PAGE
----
borderless business report International expansion strategies
Discover how organisations in Europe and Americas are looking to grow and the challenges they are facing.
Sustainability, digitisation, and the need to understand regulation are not just key to how business will be conducted, they are also opportunities for companies to increase operational efficiency, grow internationally and stay ahead of the competition.
Western multinational companies look to Asia for growth
Torry Berntsen, Chief Executive Officer, Europe and Americas
Despite the ongoing uncertainty in the current operating environment, and varied rates of economic recovery from the pandemic across different geographies, corporations in the UK, USA, France, and Germany are proactively pursuing international growth strategies.
Expanding into new markets, whether regionally or globally, offers corporations across all industries the opportunity to diversify their business by reaching new customers, sourcing from a wider group of suppliers, and tapping into new talent pools. As recent research commissioned by Standard Chartered that explores the international ambitions and priorities of multinational corporations (MNCs) from the top four western economies (USA, UK, France, and Germany) demonstrates, ongoing geopolitical and pandemic-related uncertainties have not dampened western MNCs’ appetite for international expansion. 42% of MNCs see their best growth opportunities outside of their home market, 5% higher than six months ago.
The case for Asia
While many companies continue to seek growth in their home region, the data emphasises that Asia remains an important focus and a priority growth region for 50% of the MNCs surveyed. China, for example, rebounded quicker than any other economy from COVID-19. China’s 2020 growth is estimated at 1.9%, and is projected to hit 8.1% in 2021. India, despite an economic contraction of 11% in 2020, is expected to grow by 11.5% in 2021.
However, MNCs recognise that Asia’s potential extends beyond India and China. Eight of the 18 developing economies that have shown consistently strong growth over the past 50 years are in ASEAN, and its economic and demographic fundamentals remain strong. Although the pandemic has temporarily interrupted the region’s trajectory, and the speed of recovery varies across markets, the IMF is still projecting 5.2% growth in ASEAN this year.
The ratification of the Regional Comprehensive Economic Partnership (RCEP) in November 2020 is likely to fuel a further increase in trade volumes within Asian trade corridors and create new opportunities. The RCEP eliminates tariffs and quotas on 65% of goods across 16 member countries that together account for 30% of global GDP and almost half of the world’s population.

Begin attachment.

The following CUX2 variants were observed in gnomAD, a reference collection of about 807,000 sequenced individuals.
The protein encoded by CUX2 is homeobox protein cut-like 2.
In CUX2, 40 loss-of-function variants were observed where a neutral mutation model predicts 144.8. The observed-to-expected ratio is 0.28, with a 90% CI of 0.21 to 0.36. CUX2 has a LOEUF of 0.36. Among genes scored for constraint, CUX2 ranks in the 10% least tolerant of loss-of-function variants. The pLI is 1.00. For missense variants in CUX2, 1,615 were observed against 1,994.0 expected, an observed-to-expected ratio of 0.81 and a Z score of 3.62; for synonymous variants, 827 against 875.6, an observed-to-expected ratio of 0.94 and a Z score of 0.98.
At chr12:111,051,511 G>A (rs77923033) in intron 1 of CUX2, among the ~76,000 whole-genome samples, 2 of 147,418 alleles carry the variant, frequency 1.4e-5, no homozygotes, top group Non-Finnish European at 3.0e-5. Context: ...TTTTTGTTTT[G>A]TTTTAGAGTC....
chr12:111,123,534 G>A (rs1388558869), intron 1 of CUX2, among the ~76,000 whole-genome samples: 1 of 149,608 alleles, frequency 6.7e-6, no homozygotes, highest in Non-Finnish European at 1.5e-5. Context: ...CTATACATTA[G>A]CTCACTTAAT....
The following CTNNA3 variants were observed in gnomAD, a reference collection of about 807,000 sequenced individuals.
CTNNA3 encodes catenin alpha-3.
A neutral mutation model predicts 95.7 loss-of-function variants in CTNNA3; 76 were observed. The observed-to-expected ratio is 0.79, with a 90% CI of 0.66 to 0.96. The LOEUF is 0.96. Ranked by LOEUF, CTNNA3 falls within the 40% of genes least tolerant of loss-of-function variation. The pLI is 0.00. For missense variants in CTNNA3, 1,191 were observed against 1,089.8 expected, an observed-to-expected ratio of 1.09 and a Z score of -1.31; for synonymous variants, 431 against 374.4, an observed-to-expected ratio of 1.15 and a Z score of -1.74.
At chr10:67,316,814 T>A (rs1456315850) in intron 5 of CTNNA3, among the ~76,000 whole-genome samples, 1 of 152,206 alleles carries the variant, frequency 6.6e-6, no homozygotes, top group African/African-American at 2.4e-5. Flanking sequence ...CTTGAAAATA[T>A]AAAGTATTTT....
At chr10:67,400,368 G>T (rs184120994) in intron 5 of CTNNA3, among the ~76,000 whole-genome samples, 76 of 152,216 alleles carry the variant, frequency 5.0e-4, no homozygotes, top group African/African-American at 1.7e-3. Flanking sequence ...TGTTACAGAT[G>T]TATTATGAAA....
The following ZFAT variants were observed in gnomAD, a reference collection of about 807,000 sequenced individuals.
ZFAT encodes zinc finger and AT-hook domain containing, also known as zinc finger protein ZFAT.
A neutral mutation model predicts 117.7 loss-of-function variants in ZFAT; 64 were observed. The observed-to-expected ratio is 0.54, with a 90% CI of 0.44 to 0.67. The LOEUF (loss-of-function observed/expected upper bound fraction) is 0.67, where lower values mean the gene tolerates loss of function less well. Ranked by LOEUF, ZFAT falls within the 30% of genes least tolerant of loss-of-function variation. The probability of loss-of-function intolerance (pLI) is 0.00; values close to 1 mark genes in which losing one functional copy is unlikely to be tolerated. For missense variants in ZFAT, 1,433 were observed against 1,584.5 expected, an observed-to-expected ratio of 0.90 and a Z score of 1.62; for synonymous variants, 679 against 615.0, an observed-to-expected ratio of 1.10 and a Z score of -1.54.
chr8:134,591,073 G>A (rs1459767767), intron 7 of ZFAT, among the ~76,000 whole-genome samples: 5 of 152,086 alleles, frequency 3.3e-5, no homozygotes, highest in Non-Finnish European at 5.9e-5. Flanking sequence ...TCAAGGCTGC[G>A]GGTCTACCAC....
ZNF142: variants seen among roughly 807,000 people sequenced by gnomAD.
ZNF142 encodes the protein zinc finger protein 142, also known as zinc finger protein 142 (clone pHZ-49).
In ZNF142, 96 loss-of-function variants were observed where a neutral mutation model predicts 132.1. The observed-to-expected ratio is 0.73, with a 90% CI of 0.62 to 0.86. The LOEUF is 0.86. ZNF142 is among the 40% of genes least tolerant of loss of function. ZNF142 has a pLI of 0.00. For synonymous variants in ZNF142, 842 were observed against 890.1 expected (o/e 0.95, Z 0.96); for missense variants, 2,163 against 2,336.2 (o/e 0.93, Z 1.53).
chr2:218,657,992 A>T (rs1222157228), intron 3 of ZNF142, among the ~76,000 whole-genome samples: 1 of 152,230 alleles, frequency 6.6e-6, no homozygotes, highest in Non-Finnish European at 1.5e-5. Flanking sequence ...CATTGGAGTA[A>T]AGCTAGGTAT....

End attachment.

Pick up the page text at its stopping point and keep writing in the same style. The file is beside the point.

Western MNCs are proactive in their pursuit of growth in Asia. 70% of MNCs surveyed are already exporting to Asia or in the process of doing so, with a further 24% considering it. Similar figures apply to those sourcing raw materials or finished goods from the continent. What the pandemic has demonstrated, however, is that future growth will not necessarily be achieved in the same way as in the past, with digitisation and agility more important than ever. By digitising and automating processes, companies can achieve greater consistency in their operations and the agility to mobilize activities across a diverse region such as Asia. For example, in addition to sourcing and sales, 92% are either already outsourcing manufacturing to Asia or considering doing so. Furthermore, between 87% and 93% are establishing or building out their regional and in-country operations to improve visibility and co-ordination, or outsourcing activities to leverage the exceptional skills and infrastructure that exist in many parts of the region.
Although Asia is strategically vital for a large majority of western MNCs, there were a number of variations and nuances amongst corporations headquartered in each of the four markets surveyed. For example, UK firms are more active in Asia than those from the US, Germany, or France. 71% of UK companies outsource operations to Asia, compared with 62% overall. Additionally, US companies are also more likely to operate in Asia than those headquartered in Germany and France, via outsourcing operations or establishing in-house centres of excellence.
At present, French companies have not yet developed some of their activities in Asia to the same extent as those from UK, US, or Germany. On average, at least 5% fewer French companies are engaged in activities such as sourcing, selling, establishing, or outsourcing operations to Asia than the US, Germany or the UK. However, more than a quarter of French companies are now considering a variety of new activities in Asia, a higher proportion than MNCs headquartered in the other markets included in the study.
Doing business in new or less familiar markets brings challenges, whether adapting to different cultural and regulatory conditions, or working with new suppliers or customers. 35% of respondents (and 41% of CFOs) said that understanding regulatory requirements was their number one concern as they pursue international growth. This is understandable given the diversity across Asia; however, it can be overcome. Whether the challenge is to comply with local regulations, unlock trapped cash, or explore the benefits of digitisation to boost efficiency, working with a banking partner with a local presence and knowledge base across high-potential growth economies can make sustainable international growth a reality, in Asia and beyond.